'Early in August, 1224, Francis retired with three companions to "that rugged rock 'twixt Tiber and Arno", as Dante called La Verna, there to keep a forty days fast in preparation for Michaelmas. During this retreat the sufferings of Christ became more than ever the burden of his meditations; into few souls, perhaps, had the full meaning of the Passion so deeply entered. It was on or about the feast of the Exaltation of the Cross (14 September) while praying on the mountainside, that he beheld the marvellous vision of the seraph, as a sequel of which there appeared on his body the visible marks of the five wounds of the Crucified which, says an early writer, had long since been impressed upon his heart. Brother Leo, who was with St. Francis when he received the stigmata, has left us in his note to the saint's autograph blessing, preserved at Assisi, a clear and simple account of the miracle, which for the rest is better attested than many another historical fact. The saint's right side is described as bearing on open wound which looked as if made by a lance, while through his hands and feet were black nails of flesh, the points of which were bent backward. After the reception of the stigmata, Francis suffered increasing pains throughout his frail body, already broken by continual mortification. For, condescending as the saint always was to the weaknesses of others, he was ever so unsparing towards himself that at the last he felt constrained to ask pardon of "Brother Ass", as he called his body, for having treated it so harshly. Worn out, moreover, as Francis now was by eighteen years of unremitting toil, his strength gave way completely, and at times his eyesight so far failed him that he was almost wholly blind.'

'During an access of anguish, Francis paid a last visit to St. Clare at St. Damian's, and it was in a little hut of reeds, made for him in the garden there, that the saint composed that "Canticle of the Sun", in which his poetic genius expands itself so gloriously. This was in September, 1225. Not long afterwards Francis, at the urgent instance of Brother Elias, underwent an unsuccessful operation for the eyes, at Rieti. He seems to have passed the winter 1225-26 at Siena, whither he had been taken for further medical treatment. In April, 1226, during an interval of improvement, Francis was moved to Cortona, and it is believed to have been while resting at the hermitage of the Celle there, that the saint dictated his testament, which he describes as a "reminder, a warning, and an exhortation". In this touching document Francis, writing from the fullness of his heart, urges anew with the simple eloquence, the few, but clearly defined, principles that were to guide his followers, implicit obedience to superiors as holding the place of God, literal observance of the rule "without gloss", especially as regards poverty, and the duty of manual labor, being solemnly enjoined on all the friars.'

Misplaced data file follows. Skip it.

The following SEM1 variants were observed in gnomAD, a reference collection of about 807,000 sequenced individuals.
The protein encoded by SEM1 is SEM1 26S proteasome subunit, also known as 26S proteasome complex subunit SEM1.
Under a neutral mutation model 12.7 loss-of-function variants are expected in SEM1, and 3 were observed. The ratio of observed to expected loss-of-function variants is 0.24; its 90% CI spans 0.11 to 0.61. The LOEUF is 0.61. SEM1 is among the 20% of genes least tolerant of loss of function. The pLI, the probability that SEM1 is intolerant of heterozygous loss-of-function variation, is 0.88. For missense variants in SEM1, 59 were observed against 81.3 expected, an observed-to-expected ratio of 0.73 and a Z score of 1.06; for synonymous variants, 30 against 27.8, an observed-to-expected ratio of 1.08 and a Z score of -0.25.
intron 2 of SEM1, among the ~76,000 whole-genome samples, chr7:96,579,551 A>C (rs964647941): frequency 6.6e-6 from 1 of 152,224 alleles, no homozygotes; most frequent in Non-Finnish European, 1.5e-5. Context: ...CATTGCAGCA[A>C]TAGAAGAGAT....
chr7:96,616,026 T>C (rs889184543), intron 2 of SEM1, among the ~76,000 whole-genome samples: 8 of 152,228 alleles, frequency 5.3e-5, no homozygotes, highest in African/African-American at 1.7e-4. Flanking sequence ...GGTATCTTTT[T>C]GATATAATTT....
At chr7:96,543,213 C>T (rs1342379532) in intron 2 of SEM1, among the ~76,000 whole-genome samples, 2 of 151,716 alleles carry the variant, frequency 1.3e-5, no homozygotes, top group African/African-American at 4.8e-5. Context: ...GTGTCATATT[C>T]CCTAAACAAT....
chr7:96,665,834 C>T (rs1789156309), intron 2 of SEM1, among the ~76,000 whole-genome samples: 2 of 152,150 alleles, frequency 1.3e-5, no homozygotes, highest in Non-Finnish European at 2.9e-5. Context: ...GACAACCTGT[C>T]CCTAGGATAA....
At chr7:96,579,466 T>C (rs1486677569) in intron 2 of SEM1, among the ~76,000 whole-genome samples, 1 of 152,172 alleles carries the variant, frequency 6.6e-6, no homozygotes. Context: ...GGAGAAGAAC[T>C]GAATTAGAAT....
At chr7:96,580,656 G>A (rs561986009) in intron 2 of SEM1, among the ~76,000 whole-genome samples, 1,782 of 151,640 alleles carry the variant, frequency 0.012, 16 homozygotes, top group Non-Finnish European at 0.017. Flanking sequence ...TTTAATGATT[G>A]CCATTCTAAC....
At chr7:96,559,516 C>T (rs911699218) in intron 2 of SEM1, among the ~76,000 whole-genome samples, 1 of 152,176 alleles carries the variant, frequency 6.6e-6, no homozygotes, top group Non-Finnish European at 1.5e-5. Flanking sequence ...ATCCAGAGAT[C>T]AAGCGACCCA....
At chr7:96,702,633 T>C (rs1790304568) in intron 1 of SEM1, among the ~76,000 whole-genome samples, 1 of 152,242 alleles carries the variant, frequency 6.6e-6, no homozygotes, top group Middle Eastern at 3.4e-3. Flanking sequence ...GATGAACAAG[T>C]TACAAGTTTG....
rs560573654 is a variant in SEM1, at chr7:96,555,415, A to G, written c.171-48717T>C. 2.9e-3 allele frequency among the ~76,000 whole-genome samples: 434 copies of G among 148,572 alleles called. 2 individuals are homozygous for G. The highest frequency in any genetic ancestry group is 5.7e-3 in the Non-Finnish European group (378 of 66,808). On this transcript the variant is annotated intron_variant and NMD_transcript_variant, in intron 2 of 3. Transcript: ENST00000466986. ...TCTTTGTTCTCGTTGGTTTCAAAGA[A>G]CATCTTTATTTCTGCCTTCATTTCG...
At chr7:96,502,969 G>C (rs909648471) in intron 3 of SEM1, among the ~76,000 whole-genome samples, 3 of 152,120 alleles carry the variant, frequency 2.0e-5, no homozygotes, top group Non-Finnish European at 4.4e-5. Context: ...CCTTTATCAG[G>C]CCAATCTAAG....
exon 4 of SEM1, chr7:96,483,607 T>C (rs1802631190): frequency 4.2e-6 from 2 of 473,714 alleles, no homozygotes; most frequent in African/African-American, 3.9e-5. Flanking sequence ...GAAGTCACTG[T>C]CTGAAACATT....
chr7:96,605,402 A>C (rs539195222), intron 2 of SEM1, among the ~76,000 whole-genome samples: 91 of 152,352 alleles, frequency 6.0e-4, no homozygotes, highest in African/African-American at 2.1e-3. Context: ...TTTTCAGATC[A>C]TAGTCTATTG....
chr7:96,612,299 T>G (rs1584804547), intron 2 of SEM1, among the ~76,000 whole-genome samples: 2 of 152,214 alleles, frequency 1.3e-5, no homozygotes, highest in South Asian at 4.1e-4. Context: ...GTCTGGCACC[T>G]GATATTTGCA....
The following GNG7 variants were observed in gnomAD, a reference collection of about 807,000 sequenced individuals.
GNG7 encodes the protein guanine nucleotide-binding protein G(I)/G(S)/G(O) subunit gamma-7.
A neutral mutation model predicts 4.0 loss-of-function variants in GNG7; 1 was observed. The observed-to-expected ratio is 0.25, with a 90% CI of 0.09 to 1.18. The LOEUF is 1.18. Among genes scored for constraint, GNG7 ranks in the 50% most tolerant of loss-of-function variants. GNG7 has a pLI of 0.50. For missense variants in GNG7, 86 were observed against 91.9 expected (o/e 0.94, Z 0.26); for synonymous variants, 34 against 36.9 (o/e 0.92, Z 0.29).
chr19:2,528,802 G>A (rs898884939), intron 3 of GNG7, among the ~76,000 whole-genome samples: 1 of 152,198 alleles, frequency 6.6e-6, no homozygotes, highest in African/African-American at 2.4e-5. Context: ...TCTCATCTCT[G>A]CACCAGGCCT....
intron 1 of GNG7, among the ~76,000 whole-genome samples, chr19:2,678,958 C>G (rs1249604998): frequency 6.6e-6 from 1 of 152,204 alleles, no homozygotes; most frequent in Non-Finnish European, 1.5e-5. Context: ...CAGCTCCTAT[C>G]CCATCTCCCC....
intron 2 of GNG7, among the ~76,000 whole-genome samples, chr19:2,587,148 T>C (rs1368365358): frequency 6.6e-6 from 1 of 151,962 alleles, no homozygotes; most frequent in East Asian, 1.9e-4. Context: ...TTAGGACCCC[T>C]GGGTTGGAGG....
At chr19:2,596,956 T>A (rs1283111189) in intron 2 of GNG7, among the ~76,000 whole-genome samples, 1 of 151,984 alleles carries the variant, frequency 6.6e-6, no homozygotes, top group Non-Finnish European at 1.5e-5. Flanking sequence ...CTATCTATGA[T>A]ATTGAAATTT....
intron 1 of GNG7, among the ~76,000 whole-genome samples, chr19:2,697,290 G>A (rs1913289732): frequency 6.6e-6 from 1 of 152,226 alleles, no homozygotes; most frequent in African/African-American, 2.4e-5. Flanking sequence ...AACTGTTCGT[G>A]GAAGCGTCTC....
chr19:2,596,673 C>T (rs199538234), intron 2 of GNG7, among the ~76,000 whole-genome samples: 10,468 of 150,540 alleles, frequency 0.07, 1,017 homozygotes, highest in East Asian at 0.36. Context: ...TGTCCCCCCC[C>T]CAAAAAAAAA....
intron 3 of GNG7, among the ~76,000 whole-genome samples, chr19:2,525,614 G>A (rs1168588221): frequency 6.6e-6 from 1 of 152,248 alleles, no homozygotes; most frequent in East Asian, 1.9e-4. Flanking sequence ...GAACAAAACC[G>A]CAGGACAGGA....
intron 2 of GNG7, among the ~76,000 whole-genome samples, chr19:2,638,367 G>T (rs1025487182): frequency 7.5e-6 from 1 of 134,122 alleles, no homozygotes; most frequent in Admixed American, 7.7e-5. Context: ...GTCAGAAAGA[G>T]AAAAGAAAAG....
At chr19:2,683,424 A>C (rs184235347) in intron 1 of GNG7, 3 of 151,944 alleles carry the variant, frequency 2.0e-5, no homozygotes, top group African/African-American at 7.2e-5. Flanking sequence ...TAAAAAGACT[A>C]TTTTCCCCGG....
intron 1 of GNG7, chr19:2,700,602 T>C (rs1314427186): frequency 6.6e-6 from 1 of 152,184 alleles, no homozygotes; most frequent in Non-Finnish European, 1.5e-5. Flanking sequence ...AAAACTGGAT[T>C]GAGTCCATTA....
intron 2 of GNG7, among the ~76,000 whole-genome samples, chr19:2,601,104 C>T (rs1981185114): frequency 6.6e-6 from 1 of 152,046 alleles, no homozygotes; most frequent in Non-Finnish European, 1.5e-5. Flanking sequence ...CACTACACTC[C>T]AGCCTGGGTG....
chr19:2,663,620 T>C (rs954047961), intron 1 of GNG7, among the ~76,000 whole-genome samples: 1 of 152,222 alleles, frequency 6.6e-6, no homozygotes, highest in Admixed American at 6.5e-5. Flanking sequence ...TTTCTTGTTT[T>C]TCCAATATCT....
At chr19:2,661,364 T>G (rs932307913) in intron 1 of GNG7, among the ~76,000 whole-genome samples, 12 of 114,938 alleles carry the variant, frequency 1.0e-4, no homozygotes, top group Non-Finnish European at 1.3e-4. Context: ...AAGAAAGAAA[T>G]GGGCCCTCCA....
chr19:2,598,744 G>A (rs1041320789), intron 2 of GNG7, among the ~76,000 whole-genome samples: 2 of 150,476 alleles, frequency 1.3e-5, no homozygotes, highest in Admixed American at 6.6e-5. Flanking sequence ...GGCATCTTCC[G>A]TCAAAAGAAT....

As he approached death, Francis was escorted back to Assisi, though in quite a long trip as compared to the roads that could have been taken. They carried him the long way though due to fear of the Perugians taking him into their city for him to die - which would mean they would then obtain possession of his coveted relics.

'On the eve of his death, the saint, in imitation of his Divine Master, had bread brought to him and broken. This he distributed among those present, blessing Bernard of Quintaville, his first companion, Elias, his vicar, and all the others in order. "I have done my part," he said next, "may Christ teach you to do yours." Then wishing to give a last token of detachment and to show he no longer had anything in common with the world, Francis removed his poor habit and lay down on the bare ground, covered with a borrowed cloth, rejoicing that he was able to keep faith with his Lady Poverty to the end. After a while he asked to have read to him the Passion according to St. John, and then in faltering tones he himself intoned Psalm 141. At the concluding verse, "Bring my soul out of prison", Francis was led away from earth by "Sister Death", in whose praise he had shortly before added a new strophe to his "Canticle of the Sun". It was Saturday evening, 3 October, 1226, Francis being then in the forty-fifth year of his age, and the twentieth from his perfect conversion to Christ.'

Francis was canonized at St. George's by Gregory IX, 16 July, 1228. His feast is kept throughout the Church on 4 October, and the impression of the stigmata on his body is celebrated on 17 September.

A beautiful reflection on Saint Francis is found at the end of the same New Advent article which I have taken to quoting above.